Adding more sugar

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Smeddy

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We just racked an Irish Red to a second carboy and took a FG putting the beer at about 4.9%. We are wondering if adding some sugars would boost the percent without damage to taste...Is it worth it?
 

Pappers_

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I wouldn't do it at this point in your brew, with your beer in secondary. If it were me, I would see how the beer turns out, then decide if you want to make any changes to the recipe for the next time, when you can add sugar (if wanted) during the boil. Of course, it's just my opinion. Cheers,

Jim
 

histo320

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In order to boost the Alcohol in one of my beers I just added Corn Sugar (Priming Sugar) when I racked it into secondary. I wouldn't suggest this becuase the beer I made was a Cranberry beer and it kinda made it very dry.

Just add more grain or extract next time around, or even brown sugar during the boil.
 

Schlenkerla

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I wouldn't do it at this point in your brew, with your beer in secondary. If it were me, I would see how the beer turns out, then decide if you want to make any changes to the recipe for the next time, when you can add sugar (if wanted) during the boil. Of course, it's just my opinion. Cheers,

Jim
+100% - Don't add sugar. A general rule of thumb is not to let sugar comprise more than 20% of the fermentables.

For example: If you were making a light beer, like a cream ale, use a max of 1 lb sugar with 4 lbs of DME.

If you don't follow this rule it will leave your beer with a cidery/wine taste.

Right now if you added say 1/2-1lb to your secondary it would probably ferment out quickly but you would have a bunch more sediment in you fermentor that you really don't want to get into bottles.

Also if you add more sugar it will take longer to mellow or not taste hot (alcoholic).

4.9% is pretty good for an Irish Red. Right In the middle.

2004 BJCP Style Guidelines

9D. Irish Red Ale

Aroma: Low to moderate malt aroma, generally caramel-like but occasionally toasty or toffee-like in nature. May have a light buttery character (although this is not required). Hop aroma is low to none (usually not present). Quite clean.
Appearance: Amber to deep reddish copper color (most examples have a deep reddish hue). Clear. Low off-white to tan colored head.
Flavor: Moderate caramel malt flavor and sweetness, occasionally with a buttered toast or toffee-like quality. Finishes with a light taste of roasted grain, which lends a characteristic dryness to the finish. Generally no flavor hops, although some examples may have a light English hop flavor. Medium-low hop bitterness, although light use of roasted grains may increase the perception of bitterness to the medium range. Medium-dry to dry finish. Clean and smooth (lager versions can be very smooth). No esters.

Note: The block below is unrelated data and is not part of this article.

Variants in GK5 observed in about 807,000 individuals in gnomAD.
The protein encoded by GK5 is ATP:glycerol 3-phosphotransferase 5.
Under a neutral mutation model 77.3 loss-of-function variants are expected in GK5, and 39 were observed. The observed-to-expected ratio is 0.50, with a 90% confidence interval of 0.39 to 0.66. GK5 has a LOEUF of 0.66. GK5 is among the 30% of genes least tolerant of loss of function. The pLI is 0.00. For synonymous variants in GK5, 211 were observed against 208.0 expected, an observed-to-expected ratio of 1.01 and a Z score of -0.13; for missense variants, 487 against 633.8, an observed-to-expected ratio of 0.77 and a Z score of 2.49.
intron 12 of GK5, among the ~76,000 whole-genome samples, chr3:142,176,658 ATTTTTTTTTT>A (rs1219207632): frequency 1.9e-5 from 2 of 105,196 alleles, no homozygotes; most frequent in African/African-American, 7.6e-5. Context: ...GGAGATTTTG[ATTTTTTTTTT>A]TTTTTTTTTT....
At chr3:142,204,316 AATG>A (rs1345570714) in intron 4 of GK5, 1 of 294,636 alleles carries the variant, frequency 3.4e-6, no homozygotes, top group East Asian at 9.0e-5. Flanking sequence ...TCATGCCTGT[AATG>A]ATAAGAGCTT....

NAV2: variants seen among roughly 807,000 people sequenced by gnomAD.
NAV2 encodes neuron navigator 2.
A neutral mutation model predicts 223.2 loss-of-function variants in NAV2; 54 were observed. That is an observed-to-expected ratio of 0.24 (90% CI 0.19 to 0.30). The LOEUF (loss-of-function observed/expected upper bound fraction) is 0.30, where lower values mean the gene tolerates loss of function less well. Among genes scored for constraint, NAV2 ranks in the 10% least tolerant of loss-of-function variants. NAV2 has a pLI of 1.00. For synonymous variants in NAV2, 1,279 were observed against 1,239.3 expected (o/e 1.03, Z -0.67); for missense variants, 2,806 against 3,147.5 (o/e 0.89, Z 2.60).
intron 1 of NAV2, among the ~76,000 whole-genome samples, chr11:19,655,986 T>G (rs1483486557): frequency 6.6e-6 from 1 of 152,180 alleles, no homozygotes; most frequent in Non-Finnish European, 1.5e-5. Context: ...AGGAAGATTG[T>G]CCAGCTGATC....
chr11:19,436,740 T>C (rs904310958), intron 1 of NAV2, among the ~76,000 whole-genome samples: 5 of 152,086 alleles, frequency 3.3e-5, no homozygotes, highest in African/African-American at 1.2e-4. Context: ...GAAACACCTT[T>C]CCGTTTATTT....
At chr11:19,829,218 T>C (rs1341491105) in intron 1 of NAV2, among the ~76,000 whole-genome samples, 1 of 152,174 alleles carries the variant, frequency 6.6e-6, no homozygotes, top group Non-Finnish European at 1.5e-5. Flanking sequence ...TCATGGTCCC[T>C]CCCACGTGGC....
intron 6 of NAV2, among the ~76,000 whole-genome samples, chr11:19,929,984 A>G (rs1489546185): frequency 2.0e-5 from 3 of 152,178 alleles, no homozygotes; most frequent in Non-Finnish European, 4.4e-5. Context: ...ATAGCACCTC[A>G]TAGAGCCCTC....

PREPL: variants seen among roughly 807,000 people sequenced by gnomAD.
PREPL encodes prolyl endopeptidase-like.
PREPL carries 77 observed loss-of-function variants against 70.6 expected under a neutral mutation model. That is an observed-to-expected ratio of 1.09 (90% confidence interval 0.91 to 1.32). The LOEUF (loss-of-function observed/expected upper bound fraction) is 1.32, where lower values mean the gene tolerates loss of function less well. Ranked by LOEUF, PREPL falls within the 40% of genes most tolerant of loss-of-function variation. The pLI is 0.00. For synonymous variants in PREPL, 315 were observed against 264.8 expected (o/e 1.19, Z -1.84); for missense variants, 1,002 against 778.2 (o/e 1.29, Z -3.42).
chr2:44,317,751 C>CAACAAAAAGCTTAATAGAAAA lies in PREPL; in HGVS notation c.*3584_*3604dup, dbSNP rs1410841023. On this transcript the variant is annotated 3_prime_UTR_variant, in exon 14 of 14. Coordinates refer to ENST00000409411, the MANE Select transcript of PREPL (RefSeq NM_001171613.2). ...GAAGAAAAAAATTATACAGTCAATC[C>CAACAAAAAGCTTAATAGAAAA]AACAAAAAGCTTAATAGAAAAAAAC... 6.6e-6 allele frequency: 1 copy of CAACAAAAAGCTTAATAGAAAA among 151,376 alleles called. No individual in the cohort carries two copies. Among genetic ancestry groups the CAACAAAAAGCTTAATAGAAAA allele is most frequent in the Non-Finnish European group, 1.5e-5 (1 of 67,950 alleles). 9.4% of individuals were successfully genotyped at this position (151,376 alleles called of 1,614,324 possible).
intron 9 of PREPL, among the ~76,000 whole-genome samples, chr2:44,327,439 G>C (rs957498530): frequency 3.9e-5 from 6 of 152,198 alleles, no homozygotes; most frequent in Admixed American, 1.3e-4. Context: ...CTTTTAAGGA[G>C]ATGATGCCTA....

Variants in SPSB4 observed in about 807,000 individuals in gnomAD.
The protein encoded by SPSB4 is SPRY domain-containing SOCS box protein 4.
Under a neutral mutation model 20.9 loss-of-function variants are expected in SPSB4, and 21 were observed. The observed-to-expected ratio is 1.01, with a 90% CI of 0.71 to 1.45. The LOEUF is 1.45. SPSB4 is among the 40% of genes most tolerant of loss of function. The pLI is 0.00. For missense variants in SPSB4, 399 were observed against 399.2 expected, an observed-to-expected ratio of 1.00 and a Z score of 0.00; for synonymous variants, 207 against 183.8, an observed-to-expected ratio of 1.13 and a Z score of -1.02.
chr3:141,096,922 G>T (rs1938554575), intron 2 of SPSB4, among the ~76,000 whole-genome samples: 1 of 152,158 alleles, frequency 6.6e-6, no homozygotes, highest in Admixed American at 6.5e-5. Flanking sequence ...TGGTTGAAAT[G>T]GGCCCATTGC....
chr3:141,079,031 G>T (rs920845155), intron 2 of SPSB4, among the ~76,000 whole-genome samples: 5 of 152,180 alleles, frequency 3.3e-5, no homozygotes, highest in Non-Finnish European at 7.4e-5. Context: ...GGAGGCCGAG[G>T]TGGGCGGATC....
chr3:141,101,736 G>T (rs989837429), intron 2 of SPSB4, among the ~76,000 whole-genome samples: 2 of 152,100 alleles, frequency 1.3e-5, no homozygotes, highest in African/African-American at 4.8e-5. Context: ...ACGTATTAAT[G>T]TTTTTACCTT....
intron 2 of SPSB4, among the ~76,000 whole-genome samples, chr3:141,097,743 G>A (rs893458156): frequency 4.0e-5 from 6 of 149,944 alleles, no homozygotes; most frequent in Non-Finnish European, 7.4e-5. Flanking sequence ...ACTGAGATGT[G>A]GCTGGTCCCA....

Mouthfeel: Medium-light to medium body, although examples containing low levels of diacetyl may have a slightly slick mouthfeel. Moderate carbonation. Smooth. Moderately attenuated (more so than Scottish ales). May have a slight alcohol warmth in stronger versions.
Overall Impression: An easy-drinking pint. Malt-focused with an initial sweetness and a roasted dryness in the finish.
Comments: Sometimes brewed as a lager (if so, generally will not exhibit a diacetyl character). When served too cold, the roasted character and bitterness may seem more elevated.
Ingredients: May contain some adjuncts (corn, rice, or sugar), although excessive adjunct use will harm the character of the beer. Generally has a bit of roasted barley to provide reddish color and dry roasted finish. UK/Irish malts, hops, yeast.
Vital Statistics:
OG 1.044 - 1.060
FG 1.010 - 1.014
IBUs 17 - 28
SRM 9 - 18
ABV 4.0 - 6.0%
 
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Smeddy

Smeddy

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Thanks for the feedback everyone, I think I'm going to let this one go and adjust the DME on the next IR batch. Schlenkerla, thanks for the BJCP link, that will come in handy.
 
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